On Jan. 23, 40 of the 300 scholars will be named Regeneron Science Talent Search finalists. Finalists will receive an all-expenses-paid trip to Washington, D.C., from March 8-14, when they will compete for more than $1.8 million in awards provided by Regeneron.

The Regeneron Science Talent Search finalists are engaged in trailblazing scientific research that addresses some of our most urgent global challenges. This year, research projects cover topics from space science to bioinformatics to environmental science. While in Washington, D.C., the finalists will undergo a rigorous judging process, interact with leading scientists, display their research for the public and meet with members of Congress. Winners will be announced at a black-tie gala award ceremony at the National Building Museum on March 13.

In 2017, Regeneron became only the third sponsor (alongside Intel and Westinghouse) of the Science Talent Search, the nation’s oldest and most prestigious science and math competition for high school seniors. As part of its 10-year, $100 million commitment, Regeneron nearly doubled the overall award distribution to $3.1 million annually to better reward the best and brightest young minds. Founded and led by two Science Talent Search alumni, Regeneron recognizes and prioritizes the need to inspire more young people to engage in science.

The Regeneron Science Talent Search scholars were selected from 1,818 applicants from 555 high schools in 45 states, Washington, D.C. and Puerto Rico and six American and international high schools overseas. The scholars were selected based on their exceptional research skills, commitment to academics, innovative thinking and promise as scientists.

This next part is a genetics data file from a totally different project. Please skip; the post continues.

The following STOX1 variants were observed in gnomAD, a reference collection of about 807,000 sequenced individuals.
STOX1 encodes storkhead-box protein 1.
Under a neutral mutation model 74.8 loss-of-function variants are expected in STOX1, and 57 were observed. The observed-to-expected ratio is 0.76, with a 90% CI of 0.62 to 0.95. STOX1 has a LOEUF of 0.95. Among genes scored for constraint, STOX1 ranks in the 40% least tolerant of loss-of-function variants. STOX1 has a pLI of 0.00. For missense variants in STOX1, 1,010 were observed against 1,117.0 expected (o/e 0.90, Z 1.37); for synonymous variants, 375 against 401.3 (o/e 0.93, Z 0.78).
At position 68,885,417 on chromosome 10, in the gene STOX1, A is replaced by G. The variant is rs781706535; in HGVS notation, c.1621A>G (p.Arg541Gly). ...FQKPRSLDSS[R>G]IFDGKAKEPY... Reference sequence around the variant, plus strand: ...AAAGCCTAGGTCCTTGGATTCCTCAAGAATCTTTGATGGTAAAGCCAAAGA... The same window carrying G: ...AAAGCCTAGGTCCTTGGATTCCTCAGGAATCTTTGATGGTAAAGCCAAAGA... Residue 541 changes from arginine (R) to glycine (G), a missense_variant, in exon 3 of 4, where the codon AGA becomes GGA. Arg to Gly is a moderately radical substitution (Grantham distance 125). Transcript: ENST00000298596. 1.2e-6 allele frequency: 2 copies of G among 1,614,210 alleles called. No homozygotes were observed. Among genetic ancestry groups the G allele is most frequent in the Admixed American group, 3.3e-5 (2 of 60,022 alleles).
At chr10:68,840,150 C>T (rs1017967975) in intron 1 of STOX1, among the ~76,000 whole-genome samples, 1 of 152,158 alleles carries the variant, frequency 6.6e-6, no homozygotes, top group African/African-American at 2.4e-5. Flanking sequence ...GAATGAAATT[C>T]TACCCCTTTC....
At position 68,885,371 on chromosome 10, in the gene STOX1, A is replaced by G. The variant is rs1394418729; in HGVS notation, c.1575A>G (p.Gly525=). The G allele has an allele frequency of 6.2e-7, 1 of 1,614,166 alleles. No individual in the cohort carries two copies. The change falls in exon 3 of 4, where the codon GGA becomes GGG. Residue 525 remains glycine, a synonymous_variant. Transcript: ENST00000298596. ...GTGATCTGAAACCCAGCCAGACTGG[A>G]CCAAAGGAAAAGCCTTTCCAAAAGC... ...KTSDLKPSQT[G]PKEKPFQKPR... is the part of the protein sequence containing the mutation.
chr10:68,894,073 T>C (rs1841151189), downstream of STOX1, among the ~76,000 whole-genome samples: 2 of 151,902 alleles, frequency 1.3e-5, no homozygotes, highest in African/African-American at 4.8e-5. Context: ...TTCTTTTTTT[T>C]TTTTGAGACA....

“Regeneron is thrilled to partner with Society for Science & the Public to celebrate the 300 Science Talent Search scholars,” said Hala Mirza, Vice President of Corporate Communications and Citizenship at Regeneron. “We are inspired by their curiosity and passion for discovery, and congratulate them on their work and dedication. We hope the Regeneron Science Talent Search shows young people everywhere that they can change the world through STEM.”

“We are delighted to honor this year’s Regeneron Science Talent Search scholars,” said Maya Ajmera, president and CEO of Society for Science & the Public and publisher of Science News. “These brilliant students have already made remarkable scientific achievements at a young age, and we are eager to see where their scientific journeys take them next.”

Science Talent Search alumni have gone on to receive more than 100 of the world’s most esteemed science and math honors, including 13 Nobel Prizes, 11 National Medals of Science, two Fields Medals and 18 MacArthur Foundation Fellowships.

Guided by the belief that advances in science and engineering are key to solving global challenges, Society for Science & the Public founded the Science Talent Search in 1942, providing a national stage for the country’s best and brightest young scientists to present original research to nationally recognized professional scientists.

For Regeneron Science Talent Search news news visit